To be honest the cold open when Neelix hears the name of the titular Jetrel then storms off huffing and puffing and doing him angry face of anger was not promising. But as the story progresses Ethan Philips settles in and delivers a surprising range of emotions in a rather subtle performance. To take a character like Neelix (a character if I’m honest has kind of annoyed me all season) from a wacky cook to a credible traumatized post-war survivor is quite a feat. Philips takes the character to some uncomfortable places. He seethes with anger while at the same time is obviously frightened by Jetrel and all the while wracked with guilt for his own perceived cowardice. A remarkably nuanced performance I simply was not expecting.
And Philips never forgets his Neelix-isms so it doesn’t feel jarring when the unexpected depth is added. At one point Neelix does his typical, “Did I ever tell you the story…” shtick which usually leads into a pseudo-funny, braggadocio bit of fluff but this time becomes a heartfelt story about killing and animal in a trap (a poignant and biting analogy as he knows Jatrel can hear him). It is told with his typical inflection and tone so we know this is the same old Neelix; only now he has some teeth.
But the crux of this story is of course the parallel to atomic weapons, specifically the Hiroshima and Nagasaki bombings, with Jetrel as the Oppenheimer stand-in. This is heavy-handed and none-too-subtle but it works in a very old school Star Trek way. Star Trek works best when it is a character-driven morality play. When it takes a “real world” issue and projects it forward giving a metaphoric twist with far-future trappings and has the characters debate the moral and ethical ramifications of that issue. It could be race or sexuality or slavery or, as in this case, weapons of mass destruction. It doesn’t always work but it is always entertaining. And Jatrel works.
The key to this success is the fact that they never paint Jatrel as an outright villain. He is remorseful for what happened but, like Oppenheimer, not that he built the weapon itself. The fact that the military used the weapon to kill hundreds of thousands of people was not what he intended and, although it’s a shame that so many died, the work was needed. In his mind it was necessary for scientific progress – even going so far as to claim that if he didn’t build it someone else would have, again paralleling the creation of the atomic bomb.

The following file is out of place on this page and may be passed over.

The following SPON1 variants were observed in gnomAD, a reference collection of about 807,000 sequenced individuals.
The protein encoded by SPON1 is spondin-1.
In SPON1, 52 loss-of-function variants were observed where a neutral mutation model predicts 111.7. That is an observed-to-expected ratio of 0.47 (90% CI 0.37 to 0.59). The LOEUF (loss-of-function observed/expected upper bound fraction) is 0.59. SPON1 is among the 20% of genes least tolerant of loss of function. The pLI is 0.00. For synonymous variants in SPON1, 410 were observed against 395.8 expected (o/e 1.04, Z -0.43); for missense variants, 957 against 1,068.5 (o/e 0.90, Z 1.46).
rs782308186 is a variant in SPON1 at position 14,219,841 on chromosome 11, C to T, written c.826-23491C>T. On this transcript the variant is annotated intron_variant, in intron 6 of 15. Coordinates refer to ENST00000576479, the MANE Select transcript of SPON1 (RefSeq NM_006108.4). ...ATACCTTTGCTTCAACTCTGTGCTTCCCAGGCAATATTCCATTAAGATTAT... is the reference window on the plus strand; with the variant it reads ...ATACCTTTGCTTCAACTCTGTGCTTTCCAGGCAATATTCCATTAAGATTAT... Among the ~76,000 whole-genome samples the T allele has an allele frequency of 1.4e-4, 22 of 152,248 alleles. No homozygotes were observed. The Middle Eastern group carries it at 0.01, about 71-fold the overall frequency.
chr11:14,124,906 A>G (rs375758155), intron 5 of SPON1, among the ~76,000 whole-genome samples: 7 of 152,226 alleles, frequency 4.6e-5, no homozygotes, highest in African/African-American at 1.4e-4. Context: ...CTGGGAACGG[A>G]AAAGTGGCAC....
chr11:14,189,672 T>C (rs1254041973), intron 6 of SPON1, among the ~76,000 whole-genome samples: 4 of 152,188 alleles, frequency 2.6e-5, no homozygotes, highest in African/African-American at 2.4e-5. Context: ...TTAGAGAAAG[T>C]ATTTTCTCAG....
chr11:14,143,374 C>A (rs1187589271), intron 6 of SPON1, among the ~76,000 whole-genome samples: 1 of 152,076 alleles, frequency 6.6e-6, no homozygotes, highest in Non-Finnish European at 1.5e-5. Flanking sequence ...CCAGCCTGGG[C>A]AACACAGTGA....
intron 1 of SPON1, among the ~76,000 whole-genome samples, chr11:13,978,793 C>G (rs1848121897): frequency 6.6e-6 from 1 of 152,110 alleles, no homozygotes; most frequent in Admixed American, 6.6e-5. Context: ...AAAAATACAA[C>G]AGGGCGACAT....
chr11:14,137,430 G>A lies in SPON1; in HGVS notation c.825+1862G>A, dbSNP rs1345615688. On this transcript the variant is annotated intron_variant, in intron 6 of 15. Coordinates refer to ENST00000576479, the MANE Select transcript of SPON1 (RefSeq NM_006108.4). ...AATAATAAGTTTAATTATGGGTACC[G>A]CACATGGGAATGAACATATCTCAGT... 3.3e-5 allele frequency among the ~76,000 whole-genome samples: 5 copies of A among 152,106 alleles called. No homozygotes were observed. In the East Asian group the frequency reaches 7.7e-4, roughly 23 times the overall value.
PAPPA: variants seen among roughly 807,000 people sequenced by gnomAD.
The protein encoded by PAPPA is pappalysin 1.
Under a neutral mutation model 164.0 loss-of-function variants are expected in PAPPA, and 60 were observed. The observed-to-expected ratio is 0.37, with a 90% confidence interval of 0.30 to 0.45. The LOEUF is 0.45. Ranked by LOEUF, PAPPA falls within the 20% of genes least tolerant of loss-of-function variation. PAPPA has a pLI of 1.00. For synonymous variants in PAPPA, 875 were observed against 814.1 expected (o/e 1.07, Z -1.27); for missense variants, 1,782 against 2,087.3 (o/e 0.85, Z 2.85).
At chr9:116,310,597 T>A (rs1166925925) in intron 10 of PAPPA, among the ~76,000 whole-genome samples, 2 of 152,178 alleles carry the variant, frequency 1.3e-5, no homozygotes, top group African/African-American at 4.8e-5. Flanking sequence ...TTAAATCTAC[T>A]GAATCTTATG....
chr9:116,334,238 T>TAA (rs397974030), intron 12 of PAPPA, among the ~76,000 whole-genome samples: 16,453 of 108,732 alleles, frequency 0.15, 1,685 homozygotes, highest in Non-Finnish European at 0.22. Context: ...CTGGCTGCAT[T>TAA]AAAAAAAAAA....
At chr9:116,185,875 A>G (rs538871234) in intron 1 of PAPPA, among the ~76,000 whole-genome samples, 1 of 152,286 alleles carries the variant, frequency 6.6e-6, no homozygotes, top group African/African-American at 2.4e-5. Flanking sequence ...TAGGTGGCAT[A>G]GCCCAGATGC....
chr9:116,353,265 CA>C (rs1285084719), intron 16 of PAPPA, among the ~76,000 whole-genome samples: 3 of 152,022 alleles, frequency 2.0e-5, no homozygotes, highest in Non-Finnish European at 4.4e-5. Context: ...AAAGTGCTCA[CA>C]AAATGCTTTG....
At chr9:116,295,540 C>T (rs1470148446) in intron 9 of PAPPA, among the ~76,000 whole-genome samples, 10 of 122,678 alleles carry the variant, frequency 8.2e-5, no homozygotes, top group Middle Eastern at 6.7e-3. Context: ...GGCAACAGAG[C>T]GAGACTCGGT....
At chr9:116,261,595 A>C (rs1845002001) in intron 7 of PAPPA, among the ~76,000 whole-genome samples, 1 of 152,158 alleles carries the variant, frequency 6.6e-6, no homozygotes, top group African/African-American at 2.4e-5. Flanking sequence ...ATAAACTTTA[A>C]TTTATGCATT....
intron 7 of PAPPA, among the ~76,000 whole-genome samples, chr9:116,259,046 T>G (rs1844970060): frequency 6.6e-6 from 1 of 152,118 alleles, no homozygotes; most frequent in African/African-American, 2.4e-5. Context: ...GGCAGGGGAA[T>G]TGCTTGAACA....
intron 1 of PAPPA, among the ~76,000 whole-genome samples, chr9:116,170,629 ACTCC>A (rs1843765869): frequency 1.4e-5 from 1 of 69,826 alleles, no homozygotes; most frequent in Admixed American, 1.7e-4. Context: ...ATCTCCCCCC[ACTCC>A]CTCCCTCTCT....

Jatrel distances himself and hides under the shield of scientific discovery never taking full responsibility for what happened and at one point even attempts to paint himself as a victim. He similarly seeks to redeem himself by undoing the effects of the weapon under the guise of more scientific discovery but actually it is really just his arrogance that motivates him. It was his arrogance that led him to create the weapon in the first place and it is his arrogance that will eventually lead to his failure. Still he is not a ranting crazy person, arrogant yes, but calm and rational. His weapon did kill masses of people but it did end the war which potentially saved even more lives. This is a tenuous argument to make but still valid.
Unless you’re Neelix and your entire family were vaporized and your planet destroyed. Like I said, tenuous.
But this leads to one of the best scenes I’ve seen so far on Voyager: Neelix forgives Jatrel on his deathbed. This in and of itself is not unique but it is the way Philips plays Neelix that is interesting. When Neelix enters the sick bay with the purpose of telling Jatrel “something” it is never quite clear if he is going to angrily dress down the scientist he spent the entire episode actively despising or if he had something else in mind. In the end, just as the man is dying, Neelix does forgive him and in doing so allows Jatrel to die in some semblance of peace but it is not certain if that is his intent of if he actually means it. It is a remarkable amount of ambiguity for a show that is not exactly known for such things.
This is by no means a perfect episode. There is a rather unfortunate and tired dream sequence where Neelix is confronted with his enemy and it is in fact himself! Yawn. And, while incredibly well played, a scene where Neelix explains his anger at Jetrel to Kes who explains in turn that it is himself who he is really angry with. Not, you know, the guy responsible for countless, horrific deaths including his own family. She does mean well I suppose.
But overall Jatrel is a really well done episode, one that is thoughtful and thought provoking. Basically it does what Star Trek does when it is at its best, it makes you think.